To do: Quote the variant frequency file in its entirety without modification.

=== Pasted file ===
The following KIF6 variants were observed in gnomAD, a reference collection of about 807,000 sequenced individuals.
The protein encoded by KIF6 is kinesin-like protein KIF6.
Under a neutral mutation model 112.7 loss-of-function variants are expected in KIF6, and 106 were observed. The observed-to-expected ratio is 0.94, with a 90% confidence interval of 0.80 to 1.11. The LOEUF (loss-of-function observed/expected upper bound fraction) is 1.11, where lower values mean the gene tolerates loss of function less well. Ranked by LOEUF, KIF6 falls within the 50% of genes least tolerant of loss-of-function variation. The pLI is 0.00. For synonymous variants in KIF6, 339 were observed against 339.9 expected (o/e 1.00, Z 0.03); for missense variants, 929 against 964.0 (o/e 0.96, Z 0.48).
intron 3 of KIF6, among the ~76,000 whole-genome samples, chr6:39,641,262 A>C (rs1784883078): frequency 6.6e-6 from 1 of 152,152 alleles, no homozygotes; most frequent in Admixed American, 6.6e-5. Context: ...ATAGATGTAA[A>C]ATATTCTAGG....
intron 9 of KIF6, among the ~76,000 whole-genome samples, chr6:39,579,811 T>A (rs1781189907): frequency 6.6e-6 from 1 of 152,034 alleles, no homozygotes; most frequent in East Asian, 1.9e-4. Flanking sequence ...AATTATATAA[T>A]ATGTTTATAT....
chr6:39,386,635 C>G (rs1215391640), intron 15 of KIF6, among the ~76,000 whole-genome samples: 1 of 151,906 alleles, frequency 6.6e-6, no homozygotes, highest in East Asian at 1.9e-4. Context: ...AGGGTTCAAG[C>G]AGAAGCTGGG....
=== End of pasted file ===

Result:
The following KIF6 variants were observed in gnomAD, a reference collection of about 807,000 sequenced individuals.
The protein encoded by KIF6 is kinesin-like protein KIF6.
Under a neutral mutation model 112.7 loss-of-function variants are expected in KIF6, and 106 were observed. The observed-to-expected ratio is 0.94, with a 90% confidence interval of 0.80 to 1.11. The LOEUF (loss-of-function observed/expected upper bound fraction) is 1.11, where lower values mean the gene tolerates loss of function less well. Ranked by LOEUF, KIF6 falls within the 50% of genes least tolerant of loss-of-function variation. The pLI is 0.00. For synonymous variants in KIF6, 339 were observed against 339.9 expected (o/e 1.00, Z 0.03); for missense variants, 929 against 964.0 (o/e 0.96, Z 0.48).
intron 3 of KIF6, among the ~76,000 whole-genome samples, chr6:39,641,262 A>C (rs1784883078): frequency 6.6e-6 from 1 of 152,152 alleles, no homozygotes; most frequent in Admixed American, 6.6e-5. Context: ...ATAGATGTAA[A>C]ATATTCTAGG....
intron 9 of KIF6, among the ~76,000 whole-genome samples, chr6:39,579,811 T>A (rs1781189907): frequency 6.6e-6 from 1 of 152,034 alleles, no homozygotes; most frequent in East Asian, 1.9e-4. Flanking sequence ...AATTATATAA[T>A]ATGTTTATAT....
chr6:39,386,635 C>G (rs1215391640), intron 15 of KIF6, among the ~76,000 whole-genome samples: 1 of 151,906 alleles, frequency 6.6e-6, no homozygotes, highest in East Asian at 1.9e-4. Context: ...AGGGTTCAAG[C>G]AGAAGCTGGG....